American, too, has been testing the new technology on some of its international flights. Easy to do, when they're not exactly full. The intention now, though, is to install these systems for all domestic flights.
Yet here was Rath's answer on being asked if the future of air travel is your phone and your face: "In the future, you may not even need your phone. Just literally facial recognition can get you through the airport."
I fancy one or two people will just literally feel uncomfortable about that.
It's all very well instituting COVID-19-inspired innovations such as touchless payment on board or QR codes that allow you to have a video chat with a customer service robot -- I'm sorry, I mean a real, live customer service person.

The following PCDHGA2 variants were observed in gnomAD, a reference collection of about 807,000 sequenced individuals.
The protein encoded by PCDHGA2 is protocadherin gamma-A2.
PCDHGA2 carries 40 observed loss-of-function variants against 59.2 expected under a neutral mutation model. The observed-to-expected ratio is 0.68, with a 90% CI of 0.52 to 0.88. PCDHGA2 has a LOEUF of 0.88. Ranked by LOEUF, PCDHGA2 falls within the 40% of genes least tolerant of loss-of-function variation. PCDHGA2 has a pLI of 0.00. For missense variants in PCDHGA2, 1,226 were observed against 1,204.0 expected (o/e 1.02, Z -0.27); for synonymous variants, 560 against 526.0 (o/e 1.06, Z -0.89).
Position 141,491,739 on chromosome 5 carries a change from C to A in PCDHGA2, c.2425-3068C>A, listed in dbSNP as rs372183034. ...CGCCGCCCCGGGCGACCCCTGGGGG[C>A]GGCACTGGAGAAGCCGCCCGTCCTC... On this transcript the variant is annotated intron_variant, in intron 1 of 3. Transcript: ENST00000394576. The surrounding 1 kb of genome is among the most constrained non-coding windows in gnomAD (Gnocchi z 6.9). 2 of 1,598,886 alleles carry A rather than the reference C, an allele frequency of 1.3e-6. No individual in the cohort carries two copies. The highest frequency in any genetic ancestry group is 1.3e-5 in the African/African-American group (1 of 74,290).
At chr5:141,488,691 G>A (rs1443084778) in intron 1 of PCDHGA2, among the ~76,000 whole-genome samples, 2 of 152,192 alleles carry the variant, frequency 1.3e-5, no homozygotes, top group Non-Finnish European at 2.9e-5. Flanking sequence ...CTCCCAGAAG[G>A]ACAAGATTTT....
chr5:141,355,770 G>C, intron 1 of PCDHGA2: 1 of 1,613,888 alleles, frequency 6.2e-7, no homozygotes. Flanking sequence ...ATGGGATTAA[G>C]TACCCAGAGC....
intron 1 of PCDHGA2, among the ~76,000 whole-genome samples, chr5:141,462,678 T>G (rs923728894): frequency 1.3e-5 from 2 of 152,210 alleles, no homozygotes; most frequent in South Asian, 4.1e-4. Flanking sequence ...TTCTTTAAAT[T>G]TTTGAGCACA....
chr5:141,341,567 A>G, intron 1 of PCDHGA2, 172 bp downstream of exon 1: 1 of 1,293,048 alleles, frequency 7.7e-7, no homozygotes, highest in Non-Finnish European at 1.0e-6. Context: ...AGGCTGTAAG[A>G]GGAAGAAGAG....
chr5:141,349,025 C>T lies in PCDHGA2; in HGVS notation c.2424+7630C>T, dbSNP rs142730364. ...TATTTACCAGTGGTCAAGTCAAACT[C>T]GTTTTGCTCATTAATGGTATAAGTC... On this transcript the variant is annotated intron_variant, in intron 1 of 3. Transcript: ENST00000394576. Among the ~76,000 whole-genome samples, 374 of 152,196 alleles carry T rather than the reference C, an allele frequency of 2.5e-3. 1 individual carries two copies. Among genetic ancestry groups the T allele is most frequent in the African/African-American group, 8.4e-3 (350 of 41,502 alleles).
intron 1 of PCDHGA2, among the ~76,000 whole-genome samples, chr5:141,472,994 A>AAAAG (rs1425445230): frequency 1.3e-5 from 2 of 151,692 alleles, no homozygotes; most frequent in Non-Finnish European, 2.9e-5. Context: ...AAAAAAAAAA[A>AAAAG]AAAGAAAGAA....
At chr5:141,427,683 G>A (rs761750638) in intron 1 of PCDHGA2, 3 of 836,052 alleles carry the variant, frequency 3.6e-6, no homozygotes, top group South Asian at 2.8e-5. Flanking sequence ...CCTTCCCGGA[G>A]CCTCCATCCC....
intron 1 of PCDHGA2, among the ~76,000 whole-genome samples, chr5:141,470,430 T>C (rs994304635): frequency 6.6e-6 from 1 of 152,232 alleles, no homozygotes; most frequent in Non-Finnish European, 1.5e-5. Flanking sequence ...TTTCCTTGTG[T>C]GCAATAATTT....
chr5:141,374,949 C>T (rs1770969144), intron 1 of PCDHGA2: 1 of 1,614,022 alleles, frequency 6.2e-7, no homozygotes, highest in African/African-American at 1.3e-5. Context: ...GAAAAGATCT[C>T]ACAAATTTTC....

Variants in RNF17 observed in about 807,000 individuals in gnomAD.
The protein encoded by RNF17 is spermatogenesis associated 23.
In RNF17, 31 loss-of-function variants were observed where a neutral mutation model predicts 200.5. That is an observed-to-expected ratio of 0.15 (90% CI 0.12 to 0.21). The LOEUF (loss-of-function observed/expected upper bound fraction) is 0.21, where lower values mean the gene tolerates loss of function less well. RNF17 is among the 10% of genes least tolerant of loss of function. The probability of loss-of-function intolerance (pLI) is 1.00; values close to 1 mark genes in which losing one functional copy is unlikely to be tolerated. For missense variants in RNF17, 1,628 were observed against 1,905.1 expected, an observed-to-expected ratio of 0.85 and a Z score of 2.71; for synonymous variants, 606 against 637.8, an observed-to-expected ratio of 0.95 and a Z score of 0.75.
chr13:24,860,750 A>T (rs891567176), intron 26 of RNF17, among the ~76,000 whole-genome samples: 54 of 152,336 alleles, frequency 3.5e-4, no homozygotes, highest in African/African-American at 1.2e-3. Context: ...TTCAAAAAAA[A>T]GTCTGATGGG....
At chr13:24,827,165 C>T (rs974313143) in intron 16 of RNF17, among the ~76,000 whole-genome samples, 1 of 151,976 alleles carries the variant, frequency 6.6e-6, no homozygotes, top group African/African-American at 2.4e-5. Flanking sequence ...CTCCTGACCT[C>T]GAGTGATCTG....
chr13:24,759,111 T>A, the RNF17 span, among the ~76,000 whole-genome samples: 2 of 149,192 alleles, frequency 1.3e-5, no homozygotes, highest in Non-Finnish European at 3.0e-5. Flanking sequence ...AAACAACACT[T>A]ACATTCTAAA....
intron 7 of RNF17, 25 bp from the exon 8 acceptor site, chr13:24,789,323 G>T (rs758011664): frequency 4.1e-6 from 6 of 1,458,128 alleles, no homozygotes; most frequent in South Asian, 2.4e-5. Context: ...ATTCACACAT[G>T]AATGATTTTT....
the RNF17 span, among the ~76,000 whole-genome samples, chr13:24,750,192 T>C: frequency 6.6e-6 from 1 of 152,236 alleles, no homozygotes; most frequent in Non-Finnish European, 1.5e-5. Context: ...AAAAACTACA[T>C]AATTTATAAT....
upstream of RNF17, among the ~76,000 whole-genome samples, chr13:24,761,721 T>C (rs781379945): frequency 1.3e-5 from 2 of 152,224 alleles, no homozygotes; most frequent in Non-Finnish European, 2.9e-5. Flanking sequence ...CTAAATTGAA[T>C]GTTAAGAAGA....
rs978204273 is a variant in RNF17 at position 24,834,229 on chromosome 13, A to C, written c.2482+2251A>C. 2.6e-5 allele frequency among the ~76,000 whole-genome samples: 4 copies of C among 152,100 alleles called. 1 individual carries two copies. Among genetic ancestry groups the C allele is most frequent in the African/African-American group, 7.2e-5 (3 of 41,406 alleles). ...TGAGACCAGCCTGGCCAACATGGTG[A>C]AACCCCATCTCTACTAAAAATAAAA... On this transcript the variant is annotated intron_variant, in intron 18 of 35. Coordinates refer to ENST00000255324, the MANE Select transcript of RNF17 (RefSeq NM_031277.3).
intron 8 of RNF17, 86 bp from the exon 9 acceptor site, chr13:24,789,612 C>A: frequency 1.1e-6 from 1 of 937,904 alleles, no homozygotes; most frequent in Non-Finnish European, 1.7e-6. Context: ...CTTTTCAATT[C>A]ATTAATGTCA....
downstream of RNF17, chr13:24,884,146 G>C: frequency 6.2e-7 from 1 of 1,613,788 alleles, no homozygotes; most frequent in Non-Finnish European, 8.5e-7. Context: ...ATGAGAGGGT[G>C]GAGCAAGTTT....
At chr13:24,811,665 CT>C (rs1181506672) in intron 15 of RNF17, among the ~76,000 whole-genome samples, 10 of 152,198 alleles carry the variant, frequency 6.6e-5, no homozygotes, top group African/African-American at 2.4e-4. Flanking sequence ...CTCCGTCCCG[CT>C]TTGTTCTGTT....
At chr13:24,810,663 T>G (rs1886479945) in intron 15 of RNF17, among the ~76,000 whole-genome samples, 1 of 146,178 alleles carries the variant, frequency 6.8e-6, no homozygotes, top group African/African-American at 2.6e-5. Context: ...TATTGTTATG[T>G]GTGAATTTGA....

But when your face is your whole, your identity is surely disseminated even further and wider than it is now.
Ah, says, American. Please don't worry about that. All the data is completely disappeared from its systems within 24 hours.
"Oh, that's OK then," say customers who have lived a while.
Here is where your desperation to fly again meets your concerns about privacy. Do you even stop to think about any privacy risks if you can finally -- and, perhaps, safely -- get on a plane and disappear for a little while?
Well, when you've already had your whole body being intimately photographed by the X-Ray machine every time you fly, why worry about whether your face might be floating in some distant ether?
This is the future. You don't need to embrace it. It's far too busy embracing you, and never letting go.